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5 Secrets to Creating Viral Images on Pinterest

Penned by Maureen Wilson

Editor’s note: This is a guest post from Maureen Wilson, owner of MadeByMarzipan.com.

I’ve discovered a trick that’s tripled my website traffic and doubled my ad revenue in a single month. Nope, I’m not pitching an infomercial. I’m pitching infographics. Or rather, “Pinfographics” (information made into a graphic and optimized for Pinterest).

You’re familiar with infographics, appealing graphic designs that are created to share information. “Pinfographics” follow many of the same design principles, but are created with a different intent: to direct traffic to the host site, thereby increasing revenue through ad clicks and sales.

Here are some key tips to keep in mind when creating and posting Pinfographics:



1) Make Your Pinfographic Tall

Pinterest is all about real estate. The biggest and boldest images draw the most attention– and the most repins. On a page full of squat boxes, you want a skyscraper!  Make your Pinfographic long enough to take up most of the screen, but not so long that users have to scroll to see the entire pin.


2) Make Your Pinfographic Easy to Read

Make Your Pinfographic Easy to Read

Source: nsmbl.nl via Kenzie on Pinterest

Have you ever tried to drive by a billboard and not read it? While your eyes may skim over an unappealing photograph, your brain instinctively reads and processes simple text.  Select a large, easy-to-read font, and make sure the message is clear and concise, like on this DIY Wrap Skirt pin.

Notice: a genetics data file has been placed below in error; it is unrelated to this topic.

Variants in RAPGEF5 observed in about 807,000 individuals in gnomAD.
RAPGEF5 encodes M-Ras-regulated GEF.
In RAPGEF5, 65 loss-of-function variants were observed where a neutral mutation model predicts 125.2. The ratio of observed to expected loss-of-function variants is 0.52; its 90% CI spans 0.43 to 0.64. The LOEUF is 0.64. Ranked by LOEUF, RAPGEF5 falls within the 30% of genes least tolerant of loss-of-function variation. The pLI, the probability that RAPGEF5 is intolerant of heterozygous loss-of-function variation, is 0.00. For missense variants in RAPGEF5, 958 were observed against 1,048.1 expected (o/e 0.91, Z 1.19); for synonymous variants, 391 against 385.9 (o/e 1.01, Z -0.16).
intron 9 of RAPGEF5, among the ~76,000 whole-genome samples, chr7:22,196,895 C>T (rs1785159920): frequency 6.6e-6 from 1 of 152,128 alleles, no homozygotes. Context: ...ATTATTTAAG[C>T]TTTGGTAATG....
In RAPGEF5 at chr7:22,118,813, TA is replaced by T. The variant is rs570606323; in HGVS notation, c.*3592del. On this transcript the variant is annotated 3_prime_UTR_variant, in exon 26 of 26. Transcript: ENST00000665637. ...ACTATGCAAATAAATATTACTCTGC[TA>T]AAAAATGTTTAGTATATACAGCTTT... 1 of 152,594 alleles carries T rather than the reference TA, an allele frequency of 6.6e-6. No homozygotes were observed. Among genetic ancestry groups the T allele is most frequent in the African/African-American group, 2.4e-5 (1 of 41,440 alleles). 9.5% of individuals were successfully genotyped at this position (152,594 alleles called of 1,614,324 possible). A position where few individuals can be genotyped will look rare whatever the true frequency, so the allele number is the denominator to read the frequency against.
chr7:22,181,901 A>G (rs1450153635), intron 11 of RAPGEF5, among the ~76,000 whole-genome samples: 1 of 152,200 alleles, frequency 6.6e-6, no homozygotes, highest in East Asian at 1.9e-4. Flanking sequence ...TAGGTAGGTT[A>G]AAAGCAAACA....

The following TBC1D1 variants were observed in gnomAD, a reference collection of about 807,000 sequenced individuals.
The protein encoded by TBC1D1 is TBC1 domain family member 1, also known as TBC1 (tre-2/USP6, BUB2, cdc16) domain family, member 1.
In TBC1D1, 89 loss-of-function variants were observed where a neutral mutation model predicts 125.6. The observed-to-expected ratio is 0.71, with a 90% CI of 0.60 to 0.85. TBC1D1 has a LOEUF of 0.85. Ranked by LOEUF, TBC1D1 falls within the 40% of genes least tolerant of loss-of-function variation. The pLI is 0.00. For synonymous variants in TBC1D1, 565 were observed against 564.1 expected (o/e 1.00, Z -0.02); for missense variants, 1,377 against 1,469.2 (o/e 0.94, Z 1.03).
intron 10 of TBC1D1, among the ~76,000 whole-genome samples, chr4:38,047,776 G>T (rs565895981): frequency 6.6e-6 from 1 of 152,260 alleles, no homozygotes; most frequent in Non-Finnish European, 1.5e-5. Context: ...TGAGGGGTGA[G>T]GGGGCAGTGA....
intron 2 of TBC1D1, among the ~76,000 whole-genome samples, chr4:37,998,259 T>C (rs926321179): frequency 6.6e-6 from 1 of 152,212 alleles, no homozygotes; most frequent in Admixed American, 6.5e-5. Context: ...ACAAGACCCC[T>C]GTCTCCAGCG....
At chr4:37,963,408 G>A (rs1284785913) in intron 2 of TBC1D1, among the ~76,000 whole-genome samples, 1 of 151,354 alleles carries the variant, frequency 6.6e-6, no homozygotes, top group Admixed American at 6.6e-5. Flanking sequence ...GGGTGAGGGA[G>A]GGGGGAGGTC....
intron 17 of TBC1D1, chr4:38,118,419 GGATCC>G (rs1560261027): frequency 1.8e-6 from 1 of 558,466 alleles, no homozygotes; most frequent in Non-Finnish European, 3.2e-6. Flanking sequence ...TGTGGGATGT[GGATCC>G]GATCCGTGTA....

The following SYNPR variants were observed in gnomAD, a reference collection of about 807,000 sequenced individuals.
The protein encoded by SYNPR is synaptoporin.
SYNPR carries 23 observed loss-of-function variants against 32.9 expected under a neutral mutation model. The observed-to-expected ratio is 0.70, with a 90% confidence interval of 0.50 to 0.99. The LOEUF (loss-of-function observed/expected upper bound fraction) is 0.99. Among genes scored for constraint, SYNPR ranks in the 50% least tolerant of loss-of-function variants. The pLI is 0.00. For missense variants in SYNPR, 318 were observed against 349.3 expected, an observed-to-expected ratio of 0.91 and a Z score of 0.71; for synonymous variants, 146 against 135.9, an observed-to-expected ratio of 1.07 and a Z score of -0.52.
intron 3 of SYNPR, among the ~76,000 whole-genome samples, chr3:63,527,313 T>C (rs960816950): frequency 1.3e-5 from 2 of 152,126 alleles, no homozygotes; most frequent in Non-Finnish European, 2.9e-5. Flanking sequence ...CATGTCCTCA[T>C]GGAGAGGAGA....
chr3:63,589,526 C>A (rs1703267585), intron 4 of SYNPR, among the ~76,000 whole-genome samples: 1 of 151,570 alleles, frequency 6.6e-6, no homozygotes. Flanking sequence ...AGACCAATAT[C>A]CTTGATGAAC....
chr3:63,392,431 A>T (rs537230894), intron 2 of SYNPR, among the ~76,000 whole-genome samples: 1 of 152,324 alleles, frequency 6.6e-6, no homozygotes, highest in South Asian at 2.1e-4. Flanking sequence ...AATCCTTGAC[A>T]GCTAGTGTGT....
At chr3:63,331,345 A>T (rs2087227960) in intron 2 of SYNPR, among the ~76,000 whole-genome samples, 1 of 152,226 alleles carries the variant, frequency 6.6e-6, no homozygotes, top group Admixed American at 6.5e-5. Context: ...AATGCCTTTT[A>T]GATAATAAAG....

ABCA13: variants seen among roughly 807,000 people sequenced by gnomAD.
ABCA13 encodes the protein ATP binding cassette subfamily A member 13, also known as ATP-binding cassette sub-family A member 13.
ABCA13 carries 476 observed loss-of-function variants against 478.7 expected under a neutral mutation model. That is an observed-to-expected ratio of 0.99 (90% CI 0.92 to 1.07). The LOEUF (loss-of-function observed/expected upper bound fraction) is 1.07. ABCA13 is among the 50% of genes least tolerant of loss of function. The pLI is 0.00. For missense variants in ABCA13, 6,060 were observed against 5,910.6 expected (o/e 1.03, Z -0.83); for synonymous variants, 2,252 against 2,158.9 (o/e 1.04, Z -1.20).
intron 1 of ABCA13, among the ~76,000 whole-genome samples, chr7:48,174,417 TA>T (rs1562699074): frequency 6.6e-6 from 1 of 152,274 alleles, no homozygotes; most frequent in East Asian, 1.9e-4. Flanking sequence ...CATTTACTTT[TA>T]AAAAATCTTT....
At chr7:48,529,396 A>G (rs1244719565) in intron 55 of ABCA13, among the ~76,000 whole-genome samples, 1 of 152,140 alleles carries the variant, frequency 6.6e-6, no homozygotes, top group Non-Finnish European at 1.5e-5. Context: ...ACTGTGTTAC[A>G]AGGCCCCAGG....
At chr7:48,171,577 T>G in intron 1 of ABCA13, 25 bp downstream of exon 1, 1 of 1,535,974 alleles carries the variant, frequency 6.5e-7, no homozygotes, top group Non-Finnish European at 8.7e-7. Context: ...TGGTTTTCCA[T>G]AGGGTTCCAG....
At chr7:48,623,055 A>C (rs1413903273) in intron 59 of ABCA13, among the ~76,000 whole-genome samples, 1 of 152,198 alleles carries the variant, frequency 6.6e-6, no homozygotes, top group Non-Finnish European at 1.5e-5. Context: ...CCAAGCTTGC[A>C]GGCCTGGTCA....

3) Brand your Pinfographic

Brand your Pinfographic

Source: bing.com via Diana on Pinterest

You made it, claim it! Put your logo or brand name on every Pinfographic. This will familiarize pinners with your brand.  As they consistently see quality posts from you, they will begin to trust your content. Branding your graphic also ensures that pinners can find you. Occasionally pinners will come across your photo on a search engine, and pin it directly from there. Too bad, no backlink!  That’s exactly what happened with this swimsuit graphic, posted from Bing. Luckily, the brand name is clearly visible, so it’s still possible for users to find the product.


4) Make Them Want More (and click to get it)

You’ve seen the “Pin Tips:” Hull a strawberry with a straw, how to wind your earphone cord.  But have you ever clicked on one of these tips to visit the original site? There’s really no point: they’ve already given you all the information you need. Draw them in with your pinfographic, but make them visit your site for details.

This post, for example, gives you the basics: pallets + cushions = couch. But you can see from the comments that it leaves people wanting more information: is it attached to the wall or just stacked? Where can they find pallets like this? Is there a tutorial for the cushions? Leave pinners wanting more, and they’ll come to your site to find it.


5) Case Study: Do Pinfographics Really Work?

Here’s an example from my own website: the original pin for this tutorial was just a photograph. At a glance, it’s unclear what the subject of the pin is.  The chair? The baby? Something the baby is wearing?


When I changed this to a Pinfographic format, it hit Pinterest’s “Popular” page and received thousands of pins & repins.

I now add a Pinfographic to every project post I write, and it’s proven very successful.  So try making a Pinfographic for your site! It’s the best free advertising you’ll find.

Maureen Wilson

About the Author

Maureen Wilson, also known as Marzipan, is the creator of MadeByMarzipan.com, a sewing and craft tutorial site. Her motto is “create everyday,” and she does!

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